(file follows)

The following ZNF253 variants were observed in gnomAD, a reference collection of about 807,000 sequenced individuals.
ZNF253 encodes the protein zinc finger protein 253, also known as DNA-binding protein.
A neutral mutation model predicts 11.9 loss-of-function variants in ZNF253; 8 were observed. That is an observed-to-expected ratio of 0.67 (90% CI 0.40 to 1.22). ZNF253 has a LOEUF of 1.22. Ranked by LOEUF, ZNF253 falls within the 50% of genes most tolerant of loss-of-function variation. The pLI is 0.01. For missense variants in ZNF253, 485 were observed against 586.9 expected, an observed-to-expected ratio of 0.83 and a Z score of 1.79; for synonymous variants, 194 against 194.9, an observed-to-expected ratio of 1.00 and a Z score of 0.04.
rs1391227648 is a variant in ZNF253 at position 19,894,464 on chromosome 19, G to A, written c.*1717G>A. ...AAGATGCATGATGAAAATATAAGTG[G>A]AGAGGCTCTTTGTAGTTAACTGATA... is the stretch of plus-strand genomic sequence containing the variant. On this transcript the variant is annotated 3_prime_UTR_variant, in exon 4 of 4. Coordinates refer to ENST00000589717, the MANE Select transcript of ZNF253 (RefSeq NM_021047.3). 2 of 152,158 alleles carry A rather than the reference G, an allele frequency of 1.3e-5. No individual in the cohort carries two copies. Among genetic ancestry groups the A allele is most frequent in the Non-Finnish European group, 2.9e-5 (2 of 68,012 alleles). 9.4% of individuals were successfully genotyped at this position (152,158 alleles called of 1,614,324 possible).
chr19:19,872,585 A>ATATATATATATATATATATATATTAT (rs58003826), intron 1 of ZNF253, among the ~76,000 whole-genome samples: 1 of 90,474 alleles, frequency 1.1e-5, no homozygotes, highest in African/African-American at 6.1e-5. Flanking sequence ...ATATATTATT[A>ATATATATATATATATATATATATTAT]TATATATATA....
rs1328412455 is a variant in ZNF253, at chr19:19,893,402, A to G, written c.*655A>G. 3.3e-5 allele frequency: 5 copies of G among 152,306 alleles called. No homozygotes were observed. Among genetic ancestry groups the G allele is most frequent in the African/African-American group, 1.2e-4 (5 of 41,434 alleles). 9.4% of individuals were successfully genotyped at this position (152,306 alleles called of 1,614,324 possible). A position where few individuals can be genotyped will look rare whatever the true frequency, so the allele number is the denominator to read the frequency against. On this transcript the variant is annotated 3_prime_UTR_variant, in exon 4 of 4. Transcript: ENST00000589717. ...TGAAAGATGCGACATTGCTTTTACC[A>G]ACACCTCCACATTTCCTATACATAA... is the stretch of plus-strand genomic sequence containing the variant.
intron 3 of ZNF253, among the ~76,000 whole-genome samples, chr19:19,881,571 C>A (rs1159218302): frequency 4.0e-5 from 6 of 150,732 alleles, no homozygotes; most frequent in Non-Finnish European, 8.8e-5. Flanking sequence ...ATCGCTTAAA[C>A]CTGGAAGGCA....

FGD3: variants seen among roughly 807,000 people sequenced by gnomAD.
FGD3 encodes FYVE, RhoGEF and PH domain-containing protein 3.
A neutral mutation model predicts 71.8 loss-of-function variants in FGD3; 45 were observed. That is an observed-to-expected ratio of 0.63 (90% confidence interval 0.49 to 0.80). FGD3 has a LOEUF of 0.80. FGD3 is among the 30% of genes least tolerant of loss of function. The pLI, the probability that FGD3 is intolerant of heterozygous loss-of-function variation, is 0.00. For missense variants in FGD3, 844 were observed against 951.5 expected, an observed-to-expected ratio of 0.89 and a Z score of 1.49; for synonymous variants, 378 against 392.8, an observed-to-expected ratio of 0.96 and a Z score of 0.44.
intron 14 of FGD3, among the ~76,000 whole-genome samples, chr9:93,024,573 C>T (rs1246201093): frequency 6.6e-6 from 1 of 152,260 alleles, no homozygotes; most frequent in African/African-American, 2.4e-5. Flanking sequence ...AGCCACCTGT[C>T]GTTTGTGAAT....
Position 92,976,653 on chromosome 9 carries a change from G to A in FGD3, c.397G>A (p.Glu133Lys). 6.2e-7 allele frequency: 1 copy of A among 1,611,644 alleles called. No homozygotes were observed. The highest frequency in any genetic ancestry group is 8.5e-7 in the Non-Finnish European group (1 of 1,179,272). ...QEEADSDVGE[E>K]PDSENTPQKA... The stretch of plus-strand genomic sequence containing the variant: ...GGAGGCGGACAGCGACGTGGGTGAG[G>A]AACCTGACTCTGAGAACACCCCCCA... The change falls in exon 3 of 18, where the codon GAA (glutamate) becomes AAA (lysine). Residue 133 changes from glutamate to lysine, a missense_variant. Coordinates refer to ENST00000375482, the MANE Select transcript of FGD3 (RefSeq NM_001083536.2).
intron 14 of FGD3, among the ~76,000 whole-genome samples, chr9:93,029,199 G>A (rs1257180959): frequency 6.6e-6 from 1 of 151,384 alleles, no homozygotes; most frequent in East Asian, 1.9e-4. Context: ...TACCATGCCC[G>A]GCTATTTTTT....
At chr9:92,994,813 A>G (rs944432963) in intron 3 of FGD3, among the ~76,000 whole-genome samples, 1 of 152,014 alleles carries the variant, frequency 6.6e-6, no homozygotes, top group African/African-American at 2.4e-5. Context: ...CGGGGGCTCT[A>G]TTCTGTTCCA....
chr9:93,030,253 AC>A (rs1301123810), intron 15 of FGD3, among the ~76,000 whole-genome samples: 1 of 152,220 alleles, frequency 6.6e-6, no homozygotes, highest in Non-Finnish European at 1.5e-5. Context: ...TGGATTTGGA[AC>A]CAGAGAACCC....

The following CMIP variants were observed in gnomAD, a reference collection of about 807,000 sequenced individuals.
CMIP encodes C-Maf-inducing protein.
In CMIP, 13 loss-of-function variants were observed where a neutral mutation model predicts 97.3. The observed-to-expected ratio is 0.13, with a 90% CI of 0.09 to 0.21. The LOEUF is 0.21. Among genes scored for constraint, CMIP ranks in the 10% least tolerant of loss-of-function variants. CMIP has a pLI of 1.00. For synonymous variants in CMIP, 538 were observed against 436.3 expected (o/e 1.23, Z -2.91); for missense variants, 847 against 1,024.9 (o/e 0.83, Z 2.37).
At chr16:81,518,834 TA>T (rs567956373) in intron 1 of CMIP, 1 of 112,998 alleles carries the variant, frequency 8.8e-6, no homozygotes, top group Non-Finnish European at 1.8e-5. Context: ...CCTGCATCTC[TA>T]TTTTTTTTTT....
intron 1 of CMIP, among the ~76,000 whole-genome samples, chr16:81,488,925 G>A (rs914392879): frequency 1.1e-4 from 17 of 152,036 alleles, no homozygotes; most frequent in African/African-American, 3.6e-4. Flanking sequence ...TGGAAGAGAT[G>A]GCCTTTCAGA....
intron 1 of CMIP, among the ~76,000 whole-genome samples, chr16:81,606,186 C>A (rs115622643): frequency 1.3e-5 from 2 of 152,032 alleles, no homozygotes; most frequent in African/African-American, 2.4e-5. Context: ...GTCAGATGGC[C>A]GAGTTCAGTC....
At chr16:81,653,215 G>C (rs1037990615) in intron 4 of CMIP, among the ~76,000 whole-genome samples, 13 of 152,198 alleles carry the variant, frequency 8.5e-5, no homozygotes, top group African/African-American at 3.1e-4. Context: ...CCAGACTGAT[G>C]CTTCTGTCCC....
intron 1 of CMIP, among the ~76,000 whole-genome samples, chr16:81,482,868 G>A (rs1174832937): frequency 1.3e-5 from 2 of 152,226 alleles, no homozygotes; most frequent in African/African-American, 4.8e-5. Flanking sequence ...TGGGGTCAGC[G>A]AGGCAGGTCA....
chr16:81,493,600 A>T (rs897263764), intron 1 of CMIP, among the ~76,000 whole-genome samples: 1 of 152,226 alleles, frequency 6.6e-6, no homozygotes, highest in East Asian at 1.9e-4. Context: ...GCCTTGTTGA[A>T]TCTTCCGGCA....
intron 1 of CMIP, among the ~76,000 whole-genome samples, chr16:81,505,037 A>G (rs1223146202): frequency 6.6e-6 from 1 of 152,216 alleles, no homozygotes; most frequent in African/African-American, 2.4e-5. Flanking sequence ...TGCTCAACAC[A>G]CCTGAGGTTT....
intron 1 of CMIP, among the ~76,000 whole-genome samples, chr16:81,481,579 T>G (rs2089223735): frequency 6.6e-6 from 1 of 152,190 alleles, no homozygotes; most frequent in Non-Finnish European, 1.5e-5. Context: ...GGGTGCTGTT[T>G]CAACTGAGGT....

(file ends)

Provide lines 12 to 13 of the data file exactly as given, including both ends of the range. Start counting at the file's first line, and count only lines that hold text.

Position 92,976,653 on chromosome 9 carries a change from G to A in FGD3, c.397G>A (p.Glu133Lys). 6.2e-7 allele frequency: 1 copy of A among 1,611,644 alleles called. No homozygotes were observed. The highest frequency in any genetic ancestry group is 8.5e-7 in the Non-Finnish European group (1 of 1,179,272). ...QEEADSDVGE[E>K]PDSENTPQKA... The stretch of plus-strand genomic sequence containing the variant: ...GGAGGCGGACAGCGACGTGGGTGAG[G>A]AACCTGACTCTGAGAACACCCCCCA... The change falls in exon 3 of 18, where the codon GAA (glutamate) becomes AAA (lysine). Residue 133 changes from glutamate to lysine, a missense_variant. Coordinates refer to ENST00000375482, the MANE Select transcript of FGD3 (RefSeq NM_001083536.2).
intron 14 of FGD3, among the ~76,000 whole-genome samples, chr9:93,029,199 G>A (rs1257180959): frequency 6.6e-6 from 1 of 151,384 alleles, no homozygotes; most frequent in East Asian, 1.9e-4. Context: ...TACCATGCCC[G>A]GCTATTTTTT....